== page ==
Our hope, therefore should tell us not to be anxious; we should not worry, for God is good, loves us, and wants the best for us. And the glory revealed in Christ’s resurrection continues to be shared with the world, and will be shared with the world until the end of time, and beyond. The eschaton is immanent in Christ. Heaven and earth have joined been together, allowing us to experience the glory of heaven, the glory of eternity, here on earth, that is, in our temporal existence. We shall, of course, do so in a way which is said to be in anticipation of the greater glory which we will experience in eternity, because of course, what is contained in time is but a shadow of what is to be had in eternity, but even that shadow of the glory is itself a part of the kingdom of God and capable of providing us great consolation and joy. We can and should have hope because we can search for and find the kingdom of God is truly in our midst. Everything can be ours. “But seek first his kingdom and his righteousness, and all these things shall be yours as well.” (Matt: 6:33 RSV). This is not to say we will not have troubles; we certainly will, but in the midst of those troubles, in the midst of it all, we should be able to discern the love of God in our lives, and through that discernment, experience the kingdom of God for ourselves. Jesus ascended into heaven, but he did not leave us alone; he did not abandon us, but rather, he is with us, even now, and we can partake of him and experience his glory, his life, for ourselves. “Therefore, since we are justified by faith, we have peace with God through our Lord Jesus Christ. Through him we have obtained access to this grace in which we stand, and we rejoice in our hope of sharing the glory of God” (Rom. 5:1-2 RSV).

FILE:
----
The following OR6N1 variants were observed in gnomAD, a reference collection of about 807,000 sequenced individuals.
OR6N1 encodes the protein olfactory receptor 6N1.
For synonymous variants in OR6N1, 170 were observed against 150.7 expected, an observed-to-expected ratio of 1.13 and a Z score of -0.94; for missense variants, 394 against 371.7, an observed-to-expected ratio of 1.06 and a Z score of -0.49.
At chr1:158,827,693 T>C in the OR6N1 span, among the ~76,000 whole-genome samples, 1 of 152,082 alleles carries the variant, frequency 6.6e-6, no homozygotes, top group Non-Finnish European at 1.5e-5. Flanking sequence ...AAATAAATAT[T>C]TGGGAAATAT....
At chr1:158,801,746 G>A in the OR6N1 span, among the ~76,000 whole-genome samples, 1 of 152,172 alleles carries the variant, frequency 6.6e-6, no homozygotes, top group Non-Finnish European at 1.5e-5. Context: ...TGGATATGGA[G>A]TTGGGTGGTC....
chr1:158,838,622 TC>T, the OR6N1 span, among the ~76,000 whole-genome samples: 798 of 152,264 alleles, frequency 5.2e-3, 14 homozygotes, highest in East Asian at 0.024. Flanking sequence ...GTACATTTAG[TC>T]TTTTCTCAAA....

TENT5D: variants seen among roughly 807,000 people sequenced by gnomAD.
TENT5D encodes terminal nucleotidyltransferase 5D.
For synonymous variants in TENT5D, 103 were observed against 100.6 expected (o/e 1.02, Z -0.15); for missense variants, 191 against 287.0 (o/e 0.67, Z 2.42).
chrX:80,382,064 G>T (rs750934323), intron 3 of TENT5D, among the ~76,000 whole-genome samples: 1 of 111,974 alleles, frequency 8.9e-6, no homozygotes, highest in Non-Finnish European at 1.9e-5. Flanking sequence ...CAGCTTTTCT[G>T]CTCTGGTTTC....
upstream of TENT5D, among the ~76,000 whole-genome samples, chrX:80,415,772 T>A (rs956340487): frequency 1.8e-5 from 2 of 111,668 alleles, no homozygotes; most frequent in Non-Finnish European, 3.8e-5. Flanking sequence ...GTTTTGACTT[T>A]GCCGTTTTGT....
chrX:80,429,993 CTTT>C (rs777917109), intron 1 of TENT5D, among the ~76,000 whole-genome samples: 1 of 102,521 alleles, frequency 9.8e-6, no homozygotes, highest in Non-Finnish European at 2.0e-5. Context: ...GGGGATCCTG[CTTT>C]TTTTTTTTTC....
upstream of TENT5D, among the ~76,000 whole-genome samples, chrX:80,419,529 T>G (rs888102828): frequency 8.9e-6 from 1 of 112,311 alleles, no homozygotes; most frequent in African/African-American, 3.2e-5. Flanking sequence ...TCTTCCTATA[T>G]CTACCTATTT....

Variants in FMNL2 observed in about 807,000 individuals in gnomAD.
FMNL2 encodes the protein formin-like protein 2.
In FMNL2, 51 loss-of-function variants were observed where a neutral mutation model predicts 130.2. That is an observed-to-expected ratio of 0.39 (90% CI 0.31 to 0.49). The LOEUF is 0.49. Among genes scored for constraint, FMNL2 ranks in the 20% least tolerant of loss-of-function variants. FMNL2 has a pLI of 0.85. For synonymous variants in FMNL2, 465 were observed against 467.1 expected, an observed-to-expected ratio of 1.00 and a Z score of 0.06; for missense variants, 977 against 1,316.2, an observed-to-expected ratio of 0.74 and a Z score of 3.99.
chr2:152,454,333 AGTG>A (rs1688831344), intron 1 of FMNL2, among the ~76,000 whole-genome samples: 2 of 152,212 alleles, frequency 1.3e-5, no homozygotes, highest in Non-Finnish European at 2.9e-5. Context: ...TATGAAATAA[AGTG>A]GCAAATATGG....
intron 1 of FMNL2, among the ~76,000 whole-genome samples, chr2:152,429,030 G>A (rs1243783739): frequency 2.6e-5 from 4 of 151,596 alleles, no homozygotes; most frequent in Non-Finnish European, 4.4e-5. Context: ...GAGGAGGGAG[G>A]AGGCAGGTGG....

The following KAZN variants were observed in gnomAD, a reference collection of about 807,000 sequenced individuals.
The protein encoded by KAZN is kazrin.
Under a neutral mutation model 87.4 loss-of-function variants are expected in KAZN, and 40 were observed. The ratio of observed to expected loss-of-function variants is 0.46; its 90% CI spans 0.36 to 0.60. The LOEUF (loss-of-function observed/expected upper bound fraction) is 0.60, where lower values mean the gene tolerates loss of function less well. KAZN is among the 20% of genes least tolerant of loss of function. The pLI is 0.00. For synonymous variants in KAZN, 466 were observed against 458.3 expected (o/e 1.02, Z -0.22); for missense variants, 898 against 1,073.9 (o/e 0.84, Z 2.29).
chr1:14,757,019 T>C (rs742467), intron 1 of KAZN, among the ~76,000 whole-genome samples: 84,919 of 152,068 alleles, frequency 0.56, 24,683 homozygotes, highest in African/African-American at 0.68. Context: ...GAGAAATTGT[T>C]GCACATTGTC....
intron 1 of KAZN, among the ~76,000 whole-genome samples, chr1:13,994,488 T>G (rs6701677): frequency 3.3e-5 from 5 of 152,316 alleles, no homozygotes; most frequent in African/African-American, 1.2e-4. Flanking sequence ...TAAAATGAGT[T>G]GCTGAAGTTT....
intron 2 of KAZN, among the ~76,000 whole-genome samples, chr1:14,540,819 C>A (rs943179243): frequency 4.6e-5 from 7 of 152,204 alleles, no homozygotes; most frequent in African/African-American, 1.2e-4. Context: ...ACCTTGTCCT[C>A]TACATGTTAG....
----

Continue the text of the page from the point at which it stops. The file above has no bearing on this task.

Hope, therefore, is central to our faith. Our hope is in Jesus. It is, of course, hope, because, though we can experience the glory of the kingdom of God, even now, we experience it only in part; what is to come is even greater, even more glorious than what we experience now, indeed, is far greater than anything we could ever imagine. And it is this glory which continues to be what we hope for, this glory which we know shall be ours as heirs of the kingdom of God.
Our hope is revealed in the mystery of the eschaton itself, the mystery in which the eschaton is immanent, it is already present, thanks to the incarnation, and not yet, because the end of time, and with it, our resurrection from the dead has not yet come. Eternity reaches down, as it were, into temporal existence, so as to raise temporal existence up into eternity; as it does so, eternity enters into time while remaining true to itself. Jesus’ eternal life has been shown to the world; while others might have come back to life, their resuscitation was of a much different order and kind than his; he was the first to show us the complete victory over death so that in and through him, we know that there will be an end to death itself. This, once again, is what we have as our hope, that the victory Jesus had over death is not his alone, but something which shall be shared with all. And why do we hope this? Because in Jesus, we are shown the love which God has for all of us; in his life, in his death, in his resurrection, we are shown that love, we are not only shown what God wants for us, but we are shown also what God has in store for us if we but join in and unite ourselves to that love. For in Jesus, we are shown what it is we can experience in our own resurrection from the dead.